On March 11, 2011, Japan was crippled by a catastrophic 9.0 earthquake, tsunami and subsequent nuclear meltdown as three reactors at the Fukushima Daiichi power plant facility suffered destroyed cooling systems. Anyone living within a 12-mile radius of the stricken atomic plant was forced to evacuate.
A year later, the nearly 80,000 displaced residents in this “no-entry zone” are still prohibited from returning to their homes while the Japanese government carries out an unprecedented effort to decontaminate their properties.
Unlike the Chernobyl meltdown 26 years ago, the Japanese are determined not to leave their land to waste, and are expected to spend over a trillion yuan ($12 billion) to make it habitable again. Since January, workers covered in protective jumpsuits, gas masks, gloves and booties have been engaged in intensive cleanup to decontaminate at least 247,000 acres of land, removing leaf litter from forests and scraping radioactive soil off fields. Japan’s Ministry of Environment anticipates these processes will generate massive piles of radioactive waste, which Environment Minister Goshi Hosono has said they plan to store in short-term repositories until the government constructs bigger facilities that will allow for storage over a 30-year period.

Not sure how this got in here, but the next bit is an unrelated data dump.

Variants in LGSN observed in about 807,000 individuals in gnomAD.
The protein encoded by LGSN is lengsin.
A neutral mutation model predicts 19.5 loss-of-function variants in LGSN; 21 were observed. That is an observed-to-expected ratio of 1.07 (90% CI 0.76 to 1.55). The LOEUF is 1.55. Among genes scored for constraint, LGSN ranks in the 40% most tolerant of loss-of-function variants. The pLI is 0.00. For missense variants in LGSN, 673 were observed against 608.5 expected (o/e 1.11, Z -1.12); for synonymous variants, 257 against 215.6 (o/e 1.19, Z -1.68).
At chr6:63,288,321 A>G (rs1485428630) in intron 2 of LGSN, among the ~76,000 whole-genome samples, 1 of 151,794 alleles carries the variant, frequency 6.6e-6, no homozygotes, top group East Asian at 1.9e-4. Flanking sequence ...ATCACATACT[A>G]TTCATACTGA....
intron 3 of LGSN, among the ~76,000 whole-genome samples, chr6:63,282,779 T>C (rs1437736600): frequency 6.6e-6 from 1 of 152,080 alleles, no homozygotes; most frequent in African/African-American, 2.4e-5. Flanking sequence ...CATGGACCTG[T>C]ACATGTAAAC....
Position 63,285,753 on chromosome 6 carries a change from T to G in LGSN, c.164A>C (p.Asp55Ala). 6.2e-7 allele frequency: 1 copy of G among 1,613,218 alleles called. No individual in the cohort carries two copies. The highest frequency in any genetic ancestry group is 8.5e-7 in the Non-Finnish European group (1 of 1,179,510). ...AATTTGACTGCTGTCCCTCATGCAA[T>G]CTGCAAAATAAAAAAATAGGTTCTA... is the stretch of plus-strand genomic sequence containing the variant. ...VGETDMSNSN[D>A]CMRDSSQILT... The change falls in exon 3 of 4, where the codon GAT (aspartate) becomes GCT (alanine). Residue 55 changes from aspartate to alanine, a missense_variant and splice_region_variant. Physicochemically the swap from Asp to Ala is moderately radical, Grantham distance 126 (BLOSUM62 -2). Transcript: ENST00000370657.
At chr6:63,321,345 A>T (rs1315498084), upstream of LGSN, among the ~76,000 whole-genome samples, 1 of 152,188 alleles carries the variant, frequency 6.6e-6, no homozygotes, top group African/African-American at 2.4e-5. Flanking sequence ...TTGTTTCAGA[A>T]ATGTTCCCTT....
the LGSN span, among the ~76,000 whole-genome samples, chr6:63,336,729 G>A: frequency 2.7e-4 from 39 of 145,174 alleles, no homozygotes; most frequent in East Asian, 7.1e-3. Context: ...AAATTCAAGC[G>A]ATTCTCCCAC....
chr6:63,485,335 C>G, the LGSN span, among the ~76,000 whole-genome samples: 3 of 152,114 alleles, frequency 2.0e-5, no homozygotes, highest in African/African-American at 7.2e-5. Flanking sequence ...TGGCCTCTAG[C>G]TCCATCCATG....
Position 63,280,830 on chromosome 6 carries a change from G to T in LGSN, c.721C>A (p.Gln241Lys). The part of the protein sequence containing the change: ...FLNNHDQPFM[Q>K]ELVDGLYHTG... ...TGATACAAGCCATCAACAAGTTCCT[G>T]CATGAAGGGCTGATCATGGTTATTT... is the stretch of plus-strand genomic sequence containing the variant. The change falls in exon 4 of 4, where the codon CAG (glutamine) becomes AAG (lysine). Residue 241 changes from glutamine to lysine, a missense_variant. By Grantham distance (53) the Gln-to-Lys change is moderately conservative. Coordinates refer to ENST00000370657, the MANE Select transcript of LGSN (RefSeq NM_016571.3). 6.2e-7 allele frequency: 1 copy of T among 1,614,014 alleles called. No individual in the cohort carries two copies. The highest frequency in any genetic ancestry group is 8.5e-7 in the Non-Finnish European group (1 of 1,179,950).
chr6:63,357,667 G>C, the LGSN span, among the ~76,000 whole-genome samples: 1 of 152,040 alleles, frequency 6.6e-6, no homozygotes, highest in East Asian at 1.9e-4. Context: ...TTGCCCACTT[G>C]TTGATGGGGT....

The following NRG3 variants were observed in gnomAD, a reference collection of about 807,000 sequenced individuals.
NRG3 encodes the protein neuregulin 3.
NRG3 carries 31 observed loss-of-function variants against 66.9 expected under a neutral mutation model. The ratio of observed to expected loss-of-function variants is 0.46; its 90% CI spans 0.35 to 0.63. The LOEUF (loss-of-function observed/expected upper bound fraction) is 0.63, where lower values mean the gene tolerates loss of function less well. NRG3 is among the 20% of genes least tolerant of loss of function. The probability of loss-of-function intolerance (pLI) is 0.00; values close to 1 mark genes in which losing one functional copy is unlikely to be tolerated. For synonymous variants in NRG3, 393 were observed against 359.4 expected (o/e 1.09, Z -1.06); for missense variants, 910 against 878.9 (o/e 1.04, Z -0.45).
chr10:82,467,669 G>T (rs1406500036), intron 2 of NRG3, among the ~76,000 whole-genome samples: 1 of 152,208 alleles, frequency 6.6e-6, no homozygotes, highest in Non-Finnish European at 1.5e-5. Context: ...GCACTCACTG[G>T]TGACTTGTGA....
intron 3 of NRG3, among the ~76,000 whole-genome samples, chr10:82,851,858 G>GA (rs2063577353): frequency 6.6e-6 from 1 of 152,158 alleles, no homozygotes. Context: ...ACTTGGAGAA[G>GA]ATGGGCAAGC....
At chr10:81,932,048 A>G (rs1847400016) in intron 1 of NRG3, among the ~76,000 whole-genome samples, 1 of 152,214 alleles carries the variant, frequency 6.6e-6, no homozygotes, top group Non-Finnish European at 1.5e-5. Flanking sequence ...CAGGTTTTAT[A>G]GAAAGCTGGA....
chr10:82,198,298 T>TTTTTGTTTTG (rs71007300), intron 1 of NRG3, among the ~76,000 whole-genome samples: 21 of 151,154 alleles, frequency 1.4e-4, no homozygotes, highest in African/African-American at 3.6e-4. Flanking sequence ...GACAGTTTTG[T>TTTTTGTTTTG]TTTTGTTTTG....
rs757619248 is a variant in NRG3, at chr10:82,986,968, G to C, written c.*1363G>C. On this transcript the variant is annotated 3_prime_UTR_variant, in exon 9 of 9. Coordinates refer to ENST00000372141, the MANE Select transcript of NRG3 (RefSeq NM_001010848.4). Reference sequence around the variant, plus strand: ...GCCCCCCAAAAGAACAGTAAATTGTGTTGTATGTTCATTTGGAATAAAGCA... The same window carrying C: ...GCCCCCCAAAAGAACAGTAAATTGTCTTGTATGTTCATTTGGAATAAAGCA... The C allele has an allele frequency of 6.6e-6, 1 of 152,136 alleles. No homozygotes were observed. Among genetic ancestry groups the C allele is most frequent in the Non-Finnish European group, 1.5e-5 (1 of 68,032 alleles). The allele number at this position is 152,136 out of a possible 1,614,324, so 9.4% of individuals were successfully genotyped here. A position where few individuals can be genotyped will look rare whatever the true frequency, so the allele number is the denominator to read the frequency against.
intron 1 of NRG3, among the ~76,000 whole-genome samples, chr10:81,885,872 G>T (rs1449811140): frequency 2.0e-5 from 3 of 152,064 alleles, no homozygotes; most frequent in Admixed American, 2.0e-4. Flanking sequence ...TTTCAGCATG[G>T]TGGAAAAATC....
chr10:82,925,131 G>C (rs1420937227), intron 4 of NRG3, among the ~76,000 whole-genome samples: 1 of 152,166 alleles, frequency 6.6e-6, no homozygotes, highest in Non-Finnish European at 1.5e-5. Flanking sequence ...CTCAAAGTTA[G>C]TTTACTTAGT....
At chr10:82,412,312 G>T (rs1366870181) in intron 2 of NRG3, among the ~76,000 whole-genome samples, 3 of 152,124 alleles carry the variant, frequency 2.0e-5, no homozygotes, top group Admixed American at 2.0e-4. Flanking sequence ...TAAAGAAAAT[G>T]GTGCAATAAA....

In light of the current humanitarian and health crisis, the environmental damage to the Fukushima Prefecture’s hillsides, streams and farmlands as a result of the decontamination has taken a backseat. “Decontamination can be really effective, [but] what you have is a tradeoff between dose reduction and environmental impact,” Kathryn Higley, a radioecologist at Oregon State University, told The Guardian.